MICHELLE Ashwood-Stewart was not fully 40 years old when she did the mammogram that picked up her breast cancer. At 39, she had gone to a health fair with her son so that he could have his medical done in time for school, where she saw a mobile mammography unit and felt a strong urge to have her breast examined.
“I just kept feeling like I needed to go and do a mammogram,” she relayed to All Woman. “And the feeling wouldn't go away, so I went.”
The medics were reluctant to perform the test because she was not yet 40, which is the recommended age for women to start having their annual mammograms done, but Ashwood-Stewart was persistent, and was eventually allowed to do the exam after explaining that her father had died from cancer.
That was September 2007, and when she was told that they found a lump in one breast later that year, she was surprised but not shaken. A friend reminded her that a lump did not necessarily mean she had cancer, and she continued her life as if nothing had happened, to the point where she almost forgot about it.
“They recommended that I do another mammogram and an ultrasound at the end of January, after which I had a fine needle biopsy done,” she recalled.
By March the verdict was in. The lump was malignant. She had breast cancer.
“That was indescribable. It was horrifying… frightening… surreal. It was an out-of-body experience. I was just clueless,” she expressed.
Ashwood-Stewart was referred to a surgeon, with whom she mulled over the treatment options.
“He insisted on a lumpectomy (surgery to remove only the lump from the breast), but when he went to remove that one lump he found three — two of which were cancerous,” she said.
The discovery of the other lumps was a game changer. The option of just taking out the lumps was no longer on the table. She had to remove that breast. It also caused her to become wary of the other breast, which was brushed aside since the first mammogram came back clean.
“I thought to myself that we've done two mammograms, one ultrasound, and an ultrasound-guided surgery, and none of those found the other two lumps. It was only in the lumpectomy that he saw them. So what was happening to the other breast? I can't do this twice.”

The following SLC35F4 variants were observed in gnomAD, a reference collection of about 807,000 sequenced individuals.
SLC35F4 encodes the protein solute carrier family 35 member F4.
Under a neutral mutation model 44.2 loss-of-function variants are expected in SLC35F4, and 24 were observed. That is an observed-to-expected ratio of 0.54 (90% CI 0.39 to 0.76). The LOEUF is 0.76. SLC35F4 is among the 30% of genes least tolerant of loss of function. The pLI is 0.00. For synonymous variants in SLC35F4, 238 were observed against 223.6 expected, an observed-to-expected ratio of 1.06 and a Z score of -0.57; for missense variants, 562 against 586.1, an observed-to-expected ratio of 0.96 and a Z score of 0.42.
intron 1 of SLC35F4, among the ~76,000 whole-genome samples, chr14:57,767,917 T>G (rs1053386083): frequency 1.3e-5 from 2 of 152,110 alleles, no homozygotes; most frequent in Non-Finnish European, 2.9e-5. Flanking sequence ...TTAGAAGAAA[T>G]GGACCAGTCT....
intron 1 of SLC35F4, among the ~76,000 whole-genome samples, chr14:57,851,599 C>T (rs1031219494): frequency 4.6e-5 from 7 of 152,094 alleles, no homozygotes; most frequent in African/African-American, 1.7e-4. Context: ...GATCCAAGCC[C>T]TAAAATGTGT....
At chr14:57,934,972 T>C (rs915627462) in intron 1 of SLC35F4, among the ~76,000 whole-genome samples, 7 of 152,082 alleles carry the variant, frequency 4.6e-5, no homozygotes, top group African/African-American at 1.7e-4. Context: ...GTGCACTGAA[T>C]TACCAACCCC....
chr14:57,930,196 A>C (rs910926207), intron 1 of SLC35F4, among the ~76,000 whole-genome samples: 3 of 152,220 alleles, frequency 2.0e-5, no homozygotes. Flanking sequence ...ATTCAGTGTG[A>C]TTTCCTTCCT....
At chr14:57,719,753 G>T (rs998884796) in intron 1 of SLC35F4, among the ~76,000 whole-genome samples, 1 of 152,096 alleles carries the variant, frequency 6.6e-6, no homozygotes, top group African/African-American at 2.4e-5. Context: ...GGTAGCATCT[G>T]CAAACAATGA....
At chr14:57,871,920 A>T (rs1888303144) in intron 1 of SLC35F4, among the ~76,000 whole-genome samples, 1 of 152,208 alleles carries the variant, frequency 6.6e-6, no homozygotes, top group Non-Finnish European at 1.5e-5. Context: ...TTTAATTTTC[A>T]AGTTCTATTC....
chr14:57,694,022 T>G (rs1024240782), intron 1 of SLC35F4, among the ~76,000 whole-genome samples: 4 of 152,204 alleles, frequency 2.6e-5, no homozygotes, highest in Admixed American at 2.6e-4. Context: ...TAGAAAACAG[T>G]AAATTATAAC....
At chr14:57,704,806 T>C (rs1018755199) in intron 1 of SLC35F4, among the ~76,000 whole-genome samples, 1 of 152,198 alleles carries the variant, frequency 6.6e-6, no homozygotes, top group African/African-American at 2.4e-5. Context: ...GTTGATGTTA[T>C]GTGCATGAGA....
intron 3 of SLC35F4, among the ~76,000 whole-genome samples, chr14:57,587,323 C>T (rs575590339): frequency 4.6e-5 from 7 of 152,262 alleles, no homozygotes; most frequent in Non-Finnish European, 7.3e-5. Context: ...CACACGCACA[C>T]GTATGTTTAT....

When she thought of the nightmare that she had been living since the discovery, Ashwood-Stewart decided that she wanted to have both breasts removed. She also opted to have reconstructive surgery done, which would rebuild her breast using tissue from her abdomen. This was not walk in the park, especially since her health insurance would not stand the cost of removing the other breast.
“They only covered a portion of the mastectomy in one breast. They were not doing the other breast at all, and they were not doing the reconstruction as that was seen as cosmetic and elective. I had to raise funds and find money,” she said.
She would soon have the double mastectomy done, along with the reconstructive surgery, and with the love and support of her husband and son, her church family, and colleagues at The University of the West Indies, she emerged the victor of the battle with cancer.
A decade later, she penned her experience and published it in the form of a book called Through the Valley, which focuses on her spiritual journey through the diagnosis and treatment.
Truly believing that the entire experience was orchestrated by God, Ashwood-Stewart uses her story to encourage other women who have been diagnosed with breast cancer to not lose hope while going through their valleys.
“The book came out of sharing with friends along the way. I'm a talker. That's how I process life. Once I hear of anybody with breast cancer, I try to talk to them and suggest that they reach out to people,” she said. “Some people try to journey it alone, but while I'm sure that some of them get through like that, I know that couldn't. I found that in telling my story a lot of people have been encouraged.”
She also uses her experience of finding her cancer at stage one as a testament to how early detection can improve the chances of beating the illness.
“Do the self-breast exams and get your annual mammogram,” she urges other women. “Early detection is the key to being a survivor. That's the only reason I didn't have to do chemo or radiation or any of that. It's better to know and to be able to do something than to find out late and think, “If only I had…”